My History by Antonia Fraser

Fraser’s earliest days were spent in an aristocratic family in pre-World War II Britain. Her parents were both deeply involved in politics, while Antonia was mesmerized by history; it was the one constant in her life, and she researched and wrote one magnificent historical biography after another including Mary, Queen of Scots, The Wives of Henry VIII, and Faith and Treason. This memoir is a lyrical celebration of a time and place that has largely disappeared, and a great companion to the memoir she wrote on her marriage and partnership with Harold Pinter (Must You Go?). – Barbara Hoagland

Other Books Mentioned in This Piece: 
Mary Queen of Scots By Antonia Fraser Cover Image
ISBN: 9780385311298
Availability: Not on our shelves currently | available to order
Published: Delta - September 1st, 1993

The Wives of Henry VIII By Antonia Fraser Cover Image
ISBN: 9780679730019
Availability: Not on our shelves currently | available to order
Published: Vintage - November 30th, 1993

Faith and Treason: The Story of the Gunpowder Plot By Antonia Fraser Cover Image
ISBN: 9780385471909
Availability: Not on our shelves currently | available to order
Published: Anchor - October 13th, 1997

Must You Go?: My LIfe With Harold Pinter By Lady Antonia Fraser Cover Image
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ISBN: 9780307475572
Published: Anchor - October 4th, 2011

Empire of Self: A Life of Gore Vidal by Jay Parini

Gore Vidal was not only a 20th century literary icon, he was also an iconoclastic critic of his age. He came in contact with virtually every notable figure of his time and usually had something acerbic to say about each of them. Parini was a close friend of Vidal and, thus, has had unprecedented access to documents, letters and reminisces of those who were close to both men. The figure we see in this ambitious biography is brilliant as well as troubled. Gore Vidal was not only a man of his time, but a man of the world, and we are lucky to have access to his life through the eyes of a friend who is a skilled biographer as well. – Barbara Hoagland

The Ambassador’s Wife by Jennifer Steil

Set in a beautiful, ancient capital city in the fictional middle-eastern country of Mazrooq, this is a sensuous tale of a portrait artist developing her craft in the midst of the Muslim culture that forbids the drawing of the human figure. Miranda falls in love and marries the British ambassador Finn. Both are surrounded by luxury, their every need attended to. When she is kidnapped, their world crumbles, and each must search for his or her truest sense of self. How complicit is Miranda as she involves her devout Muslim female students in creating work abhorrent to the men and elders of Islam? How can she possibly return to her husband and daughter while forced to care for the infant girl who will surely die if she escapes? How has Finn’s idealism and that of the Western allies threatened to alienate and subjugate the very people they are there to help and advise? A harrowing love story about the meaning of trust, friendship, and ongoing colonialism in our age. – Anne Stewart Mark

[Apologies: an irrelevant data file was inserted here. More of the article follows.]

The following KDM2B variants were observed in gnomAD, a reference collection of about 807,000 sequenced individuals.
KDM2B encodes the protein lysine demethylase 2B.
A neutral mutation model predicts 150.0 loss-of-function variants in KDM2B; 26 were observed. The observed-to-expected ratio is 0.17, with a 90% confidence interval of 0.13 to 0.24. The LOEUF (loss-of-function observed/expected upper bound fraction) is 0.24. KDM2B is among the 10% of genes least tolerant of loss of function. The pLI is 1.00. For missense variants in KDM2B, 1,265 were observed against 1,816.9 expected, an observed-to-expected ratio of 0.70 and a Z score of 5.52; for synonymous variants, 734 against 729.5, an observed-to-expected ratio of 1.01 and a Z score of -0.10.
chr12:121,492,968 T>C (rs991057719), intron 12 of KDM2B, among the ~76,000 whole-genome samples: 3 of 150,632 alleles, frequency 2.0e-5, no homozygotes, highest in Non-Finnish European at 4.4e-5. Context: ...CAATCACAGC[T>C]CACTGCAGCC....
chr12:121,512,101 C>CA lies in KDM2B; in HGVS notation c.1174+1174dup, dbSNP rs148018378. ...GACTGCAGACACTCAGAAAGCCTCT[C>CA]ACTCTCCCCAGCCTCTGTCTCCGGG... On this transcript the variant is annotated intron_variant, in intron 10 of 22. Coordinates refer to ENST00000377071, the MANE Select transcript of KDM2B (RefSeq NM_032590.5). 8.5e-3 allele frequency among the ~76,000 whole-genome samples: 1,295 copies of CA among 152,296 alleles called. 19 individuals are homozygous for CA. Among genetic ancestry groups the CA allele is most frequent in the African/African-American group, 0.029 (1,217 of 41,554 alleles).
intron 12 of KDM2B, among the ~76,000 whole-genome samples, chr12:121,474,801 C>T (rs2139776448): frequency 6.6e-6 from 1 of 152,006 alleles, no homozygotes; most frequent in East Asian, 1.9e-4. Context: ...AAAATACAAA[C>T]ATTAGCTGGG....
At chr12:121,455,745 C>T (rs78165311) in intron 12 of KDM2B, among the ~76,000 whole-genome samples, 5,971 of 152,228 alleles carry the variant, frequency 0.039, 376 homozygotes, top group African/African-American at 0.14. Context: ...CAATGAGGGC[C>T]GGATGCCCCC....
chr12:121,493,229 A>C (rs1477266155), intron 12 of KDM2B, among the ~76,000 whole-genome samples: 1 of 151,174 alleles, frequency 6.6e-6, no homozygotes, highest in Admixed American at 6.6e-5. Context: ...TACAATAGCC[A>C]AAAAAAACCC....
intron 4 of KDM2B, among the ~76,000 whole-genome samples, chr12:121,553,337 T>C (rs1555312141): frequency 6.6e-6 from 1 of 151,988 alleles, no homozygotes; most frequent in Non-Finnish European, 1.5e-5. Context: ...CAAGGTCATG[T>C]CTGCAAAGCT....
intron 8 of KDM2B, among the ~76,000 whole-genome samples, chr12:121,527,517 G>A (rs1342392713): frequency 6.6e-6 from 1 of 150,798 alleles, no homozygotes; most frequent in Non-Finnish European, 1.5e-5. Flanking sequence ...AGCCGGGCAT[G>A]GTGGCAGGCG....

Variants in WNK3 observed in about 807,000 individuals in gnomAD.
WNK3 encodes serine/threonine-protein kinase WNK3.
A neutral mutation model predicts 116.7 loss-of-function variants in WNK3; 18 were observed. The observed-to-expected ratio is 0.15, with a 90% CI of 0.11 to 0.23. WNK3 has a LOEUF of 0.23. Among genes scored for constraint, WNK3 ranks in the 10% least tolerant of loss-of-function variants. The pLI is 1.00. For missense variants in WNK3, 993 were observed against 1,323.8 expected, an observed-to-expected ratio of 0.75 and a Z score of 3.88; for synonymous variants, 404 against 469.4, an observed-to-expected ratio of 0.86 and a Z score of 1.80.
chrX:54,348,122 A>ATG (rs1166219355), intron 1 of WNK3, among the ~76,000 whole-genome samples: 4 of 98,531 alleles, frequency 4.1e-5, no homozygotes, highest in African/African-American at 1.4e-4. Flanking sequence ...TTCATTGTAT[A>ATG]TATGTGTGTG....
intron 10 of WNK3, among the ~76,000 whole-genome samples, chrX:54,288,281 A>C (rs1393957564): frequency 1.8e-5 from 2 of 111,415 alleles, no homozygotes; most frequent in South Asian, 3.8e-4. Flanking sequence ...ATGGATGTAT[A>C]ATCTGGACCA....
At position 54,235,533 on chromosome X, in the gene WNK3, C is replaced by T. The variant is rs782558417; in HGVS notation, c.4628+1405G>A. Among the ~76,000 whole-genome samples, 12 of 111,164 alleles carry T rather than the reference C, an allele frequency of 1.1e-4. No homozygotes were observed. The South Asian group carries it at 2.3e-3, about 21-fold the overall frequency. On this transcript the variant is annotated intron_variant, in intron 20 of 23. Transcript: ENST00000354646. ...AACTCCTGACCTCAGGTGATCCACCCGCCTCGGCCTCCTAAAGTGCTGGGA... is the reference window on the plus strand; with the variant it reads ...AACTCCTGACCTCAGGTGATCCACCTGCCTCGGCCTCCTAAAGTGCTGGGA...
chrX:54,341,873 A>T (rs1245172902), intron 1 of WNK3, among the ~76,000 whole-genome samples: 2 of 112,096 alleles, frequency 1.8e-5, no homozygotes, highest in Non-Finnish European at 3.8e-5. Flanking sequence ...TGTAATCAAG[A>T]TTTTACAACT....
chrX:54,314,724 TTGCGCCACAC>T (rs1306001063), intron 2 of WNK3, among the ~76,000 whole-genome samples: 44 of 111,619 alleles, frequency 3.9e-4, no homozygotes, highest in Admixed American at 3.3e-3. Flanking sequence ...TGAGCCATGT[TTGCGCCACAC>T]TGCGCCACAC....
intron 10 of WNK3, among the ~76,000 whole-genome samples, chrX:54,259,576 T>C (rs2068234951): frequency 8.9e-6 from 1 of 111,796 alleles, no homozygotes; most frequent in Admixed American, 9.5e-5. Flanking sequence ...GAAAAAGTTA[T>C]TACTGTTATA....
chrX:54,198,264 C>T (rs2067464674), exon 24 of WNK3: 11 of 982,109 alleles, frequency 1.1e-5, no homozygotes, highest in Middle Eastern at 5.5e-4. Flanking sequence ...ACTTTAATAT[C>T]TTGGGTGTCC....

The Heart Goes Last by Margaret Atwood

There is no tonic more bracing in the face of our present melting-down world than Margaret Atwood’s smart and slyly funny cynicism, no stratagem more effective in warding off disaster than staring it in the face—and laughing at it. The Heart Goes Last finds a married couple, Stan and Charmaine, living in their car fending off roving gangs. The economy has crashed and their once-bright futures are dim, to put it mildly. After seeing an ad for a corporation that offers hope—security, money, a safe albeit controlled environment—they apply, ignoring warnings from Stan’s brother, and are accepted. What happens to each of them in the town of Consilience, the panache and wit with which Atwood peoples that town, what their fate says about the fate of all of us is the stuff of this mesmerizing, funny, frightening novel. – Betsy Burton